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Is Food Waste Really A Problem?

Updated: Mar 15, 2021

10 Million tonnes (10,000,000,000kg) of food is wasted each year in the UK, and across the world one third of all food that is produced is wasted. In the UK of the 10 million tonnes 1.3 million tonnes come from manufacture, 1 million tonnes from hospitality like restaurants and hotels, 260 thousand tonnes from retail, shops and supermarkets and the the rest comes from homes. Just the food wasted would be enough to feed the whole world while 800 million people go to bed hungry every night. It's not right and it's not fair, but it's not just the cost to people that is a problem. Food waste causes pollution.

Food waste is a problem that doesn't just cost money

What Is Food Waste?

Food waste is food that is thrown out when it could have been eaten. There are many causes of food waste and these can happen during food production, the processing of food and when people buy it but don't eat it.

What Causes Food Waste?

The problem of wastage starts at planting. As the plants grow they can become sick with plant diseases and the weather can destroy plants, whether it's from flooding, drought or even hail stones knocking flowers off. This stops the plant from producing fruits and vegetables that could be harvested and the plant will be wasted. Farmers using machines when harvesting can cause waste as farmers can't pick out the crops that aren't ready and leave them to grow. This means that the crop that wasn't ready gets collected and then thrown away. There are also rules that farmers have to follow such as regulations and standards for quality and appearance that cause food waste; crops that aren't big enough, are too big or just don't look nice will be discarded.

In manufacturing food is wasted when it is being used to produce something else, that could be wheat being wasted when being ground for flour, in factories machines can break causing wastage, accidents can happen with food being so damaged that it cannot be sold. Lots of different things can go wrong during food production.

Fresh food that isn't sold by the end of the day will be trown away and yet lots of people don't have enough to eat

In hospitality and retail food is often thrown out when there is simply too much. At the end of a buffet there are always left overs. When a sandwich shop closes for the day fresh food that hasn't been sold will have to be taken off of the shelves. Supermarkets have to throw out food that is passed it's use by or best before date, a lot of food is thrown out because of this. Food that has passed the best before or use by date can still be edible at the time of disposal, but stores will throw food out once it is out of date just in case someone eats it later and becomes ill.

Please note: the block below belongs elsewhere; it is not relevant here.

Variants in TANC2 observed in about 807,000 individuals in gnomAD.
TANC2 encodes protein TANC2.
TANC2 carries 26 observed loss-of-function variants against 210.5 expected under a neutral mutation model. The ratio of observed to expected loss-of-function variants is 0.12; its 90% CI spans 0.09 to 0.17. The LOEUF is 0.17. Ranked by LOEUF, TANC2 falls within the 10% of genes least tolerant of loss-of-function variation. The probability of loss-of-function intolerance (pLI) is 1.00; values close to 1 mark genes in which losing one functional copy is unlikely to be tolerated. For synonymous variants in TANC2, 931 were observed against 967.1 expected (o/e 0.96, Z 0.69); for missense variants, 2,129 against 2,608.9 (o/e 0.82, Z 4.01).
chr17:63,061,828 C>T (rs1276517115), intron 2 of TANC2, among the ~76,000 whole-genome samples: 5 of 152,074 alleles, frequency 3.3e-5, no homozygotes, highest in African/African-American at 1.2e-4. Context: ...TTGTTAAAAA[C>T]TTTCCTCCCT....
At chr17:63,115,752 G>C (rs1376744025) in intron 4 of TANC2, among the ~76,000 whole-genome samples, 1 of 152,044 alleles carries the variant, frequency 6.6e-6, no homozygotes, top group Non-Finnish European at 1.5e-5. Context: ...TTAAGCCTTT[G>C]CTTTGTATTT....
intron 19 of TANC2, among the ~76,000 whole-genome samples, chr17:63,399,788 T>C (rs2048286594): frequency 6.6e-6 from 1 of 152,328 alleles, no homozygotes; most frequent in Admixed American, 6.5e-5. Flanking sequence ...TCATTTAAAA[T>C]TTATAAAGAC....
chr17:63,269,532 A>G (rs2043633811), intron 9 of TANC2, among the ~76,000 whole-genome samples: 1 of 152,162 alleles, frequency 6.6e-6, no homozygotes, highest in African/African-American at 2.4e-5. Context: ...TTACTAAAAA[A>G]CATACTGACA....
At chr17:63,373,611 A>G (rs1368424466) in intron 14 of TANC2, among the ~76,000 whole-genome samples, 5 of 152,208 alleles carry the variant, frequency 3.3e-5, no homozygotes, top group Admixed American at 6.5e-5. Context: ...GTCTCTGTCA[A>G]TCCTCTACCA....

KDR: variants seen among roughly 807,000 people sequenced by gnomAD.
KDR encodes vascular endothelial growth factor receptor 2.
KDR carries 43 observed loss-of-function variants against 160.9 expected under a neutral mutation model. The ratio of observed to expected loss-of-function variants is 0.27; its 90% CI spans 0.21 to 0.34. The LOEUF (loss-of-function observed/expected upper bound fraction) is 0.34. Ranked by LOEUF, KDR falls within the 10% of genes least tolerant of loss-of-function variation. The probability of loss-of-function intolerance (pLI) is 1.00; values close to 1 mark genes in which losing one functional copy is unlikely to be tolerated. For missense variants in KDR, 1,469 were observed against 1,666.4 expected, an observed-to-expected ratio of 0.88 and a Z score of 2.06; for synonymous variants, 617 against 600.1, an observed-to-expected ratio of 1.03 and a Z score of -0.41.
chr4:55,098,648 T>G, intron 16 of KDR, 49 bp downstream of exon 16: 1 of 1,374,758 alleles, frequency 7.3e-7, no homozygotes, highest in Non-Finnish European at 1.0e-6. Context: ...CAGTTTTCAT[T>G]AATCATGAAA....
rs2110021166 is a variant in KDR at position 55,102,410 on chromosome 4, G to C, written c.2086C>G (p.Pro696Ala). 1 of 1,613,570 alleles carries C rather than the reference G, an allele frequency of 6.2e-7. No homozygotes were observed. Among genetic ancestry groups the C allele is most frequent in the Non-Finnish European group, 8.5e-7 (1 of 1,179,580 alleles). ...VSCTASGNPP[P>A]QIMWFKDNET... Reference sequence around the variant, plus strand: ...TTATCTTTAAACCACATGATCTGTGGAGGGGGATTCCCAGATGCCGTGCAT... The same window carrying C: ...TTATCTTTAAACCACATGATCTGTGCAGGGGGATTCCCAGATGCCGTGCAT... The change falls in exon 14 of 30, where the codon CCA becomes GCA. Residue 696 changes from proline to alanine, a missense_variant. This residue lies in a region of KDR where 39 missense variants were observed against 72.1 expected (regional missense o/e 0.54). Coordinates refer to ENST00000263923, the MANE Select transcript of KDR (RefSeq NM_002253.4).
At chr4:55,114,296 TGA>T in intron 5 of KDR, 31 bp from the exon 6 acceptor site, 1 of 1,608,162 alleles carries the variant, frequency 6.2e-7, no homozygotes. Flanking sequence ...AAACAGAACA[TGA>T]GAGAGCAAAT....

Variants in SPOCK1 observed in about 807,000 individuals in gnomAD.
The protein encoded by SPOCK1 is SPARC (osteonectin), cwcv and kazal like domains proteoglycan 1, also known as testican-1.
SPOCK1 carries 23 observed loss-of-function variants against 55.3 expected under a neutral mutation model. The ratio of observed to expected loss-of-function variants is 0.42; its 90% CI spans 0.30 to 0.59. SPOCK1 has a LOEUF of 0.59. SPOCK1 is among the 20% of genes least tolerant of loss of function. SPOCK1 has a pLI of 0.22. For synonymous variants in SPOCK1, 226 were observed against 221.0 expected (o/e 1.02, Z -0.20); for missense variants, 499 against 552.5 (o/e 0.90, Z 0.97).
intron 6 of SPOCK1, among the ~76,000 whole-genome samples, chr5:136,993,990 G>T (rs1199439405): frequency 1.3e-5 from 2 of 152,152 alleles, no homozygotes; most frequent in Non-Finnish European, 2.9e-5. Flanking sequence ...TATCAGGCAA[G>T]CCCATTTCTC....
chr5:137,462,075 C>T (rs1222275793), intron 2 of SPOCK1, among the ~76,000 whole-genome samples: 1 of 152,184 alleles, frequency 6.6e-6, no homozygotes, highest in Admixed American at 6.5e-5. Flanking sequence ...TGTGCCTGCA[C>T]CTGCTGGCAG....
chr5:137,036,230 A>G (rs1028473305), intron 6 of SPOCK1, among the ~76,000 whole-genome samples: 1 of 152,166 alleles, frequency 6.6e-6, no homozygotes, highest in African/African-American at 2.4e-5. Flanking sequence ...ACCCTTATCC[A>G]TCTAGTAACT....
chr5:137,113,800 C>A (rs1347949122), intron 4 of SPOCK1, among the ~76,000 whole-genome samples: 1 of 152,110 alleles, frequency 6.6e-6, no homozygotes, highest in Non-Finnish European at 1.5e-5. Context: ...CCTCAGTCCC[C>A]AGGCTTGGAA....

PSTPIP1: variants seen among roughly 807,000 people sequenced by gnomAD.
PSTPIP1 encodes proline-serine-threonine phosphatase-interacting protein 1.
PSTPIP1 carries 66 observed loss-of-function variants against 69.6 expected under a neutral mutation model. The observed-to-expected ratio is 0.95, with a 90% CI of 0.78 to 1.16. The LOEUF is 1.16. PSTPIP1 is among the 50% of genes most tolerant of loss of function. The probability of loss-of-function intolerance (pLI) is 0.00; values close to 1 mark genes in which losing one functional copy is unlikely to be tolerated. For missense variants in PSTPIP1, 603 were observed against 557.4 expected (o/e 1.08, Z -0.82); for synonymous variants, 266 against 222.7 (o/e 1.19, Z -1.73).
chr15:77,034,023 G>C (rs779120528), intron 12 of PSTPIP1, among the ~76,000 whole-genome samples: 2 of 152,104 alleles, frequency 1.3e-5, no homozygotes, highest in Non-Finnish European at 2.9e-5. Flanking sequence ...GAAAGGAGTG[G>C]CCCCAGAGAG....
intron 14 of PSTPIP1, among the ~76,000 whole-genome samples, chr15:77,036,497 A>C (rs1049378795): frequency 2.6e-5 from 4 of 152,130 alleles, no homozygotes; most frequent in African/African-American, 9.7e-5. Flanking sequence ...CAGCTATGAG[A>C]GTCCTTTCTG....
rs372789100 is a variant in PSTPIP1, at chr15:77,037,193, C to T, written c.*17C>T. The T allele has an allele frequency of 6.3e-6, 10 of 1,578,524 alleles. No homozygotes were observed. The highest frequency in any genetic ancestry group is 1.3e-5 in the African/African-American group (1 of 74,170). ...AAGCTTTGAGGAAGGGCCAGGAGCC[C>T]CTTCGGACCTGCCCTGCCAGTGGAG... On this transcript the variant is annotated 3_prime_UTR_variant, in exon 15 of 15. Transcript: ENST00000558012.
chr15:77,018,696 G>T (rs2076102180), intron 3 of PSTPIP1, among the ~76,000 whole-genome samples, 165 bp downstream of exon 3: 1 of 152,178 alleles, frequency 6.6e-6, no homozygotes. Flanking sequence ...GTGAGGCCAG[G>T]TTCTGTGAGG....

Retailers usually have strict standards for the appearance of produce, and if fruits or vegetables aren't the perfect shape or are superficially bruised, they are often not put on the shelf. According to the Food and Agriculture Organization (FAO) food waste is responsible for 8 percent of global man-made greenhouse gas emissions. They also found that nearly 30 percent of all available agricultural land in the world - 1.4 billion hectares - is used to produce food that never gets eaten. The global water footprint of food waste is 250 km3, that is the amount of water that flows annually through the Volga or 3 times the amount of water in Lake Geneva. Then there's the pollution; discarded food often ends up in landfill where it is buried. It rots down producing toxins and gases such as methane, this waste also get really hot and can cause fires as the heat builds up. The toxins from the rotting food can leach into waterways when it rains and pollute streams, rivers and seas and lead to the death of the plants and animals living in them. The rotten food will also make the water look grimy and smell disgusting.

Food that gets thrown away doesn't just waste water when it grows, it pollutes water as it rots

Reducing Waste

One way of dealing with food waste is to reduce its creation. Consumers can reduce the amount of food that spoils by planning their food shopping, avoiding potentially wasteful spontaneous purchases, and storing foods properly. Widespread educational campaigns have been shown to be an effective way to reduce food waste. A British campaign called “Love Food Hate Waste” has raised awareness about preventative measures to address food waste for shoppers. Through advertisements, information on food storage and preparation and in-store education, the UK managed a 21% drop in avoidable household food waste over the course of 5 years. Food waste can also be composted or fed to animals so that it can be used for something else. Also understanding use by and best before dates will prevent food from being left until it's no good or even being thrown away when it can still be eaten.

There are many ways of tackling food waste and many of them we can do ourselves just from being more aware of our actions. A lot of ways of reducing food waste will also save us money as we buy less and make better use of what we have.

Are there any things that you can think of that would reduce food waste in your home or school?


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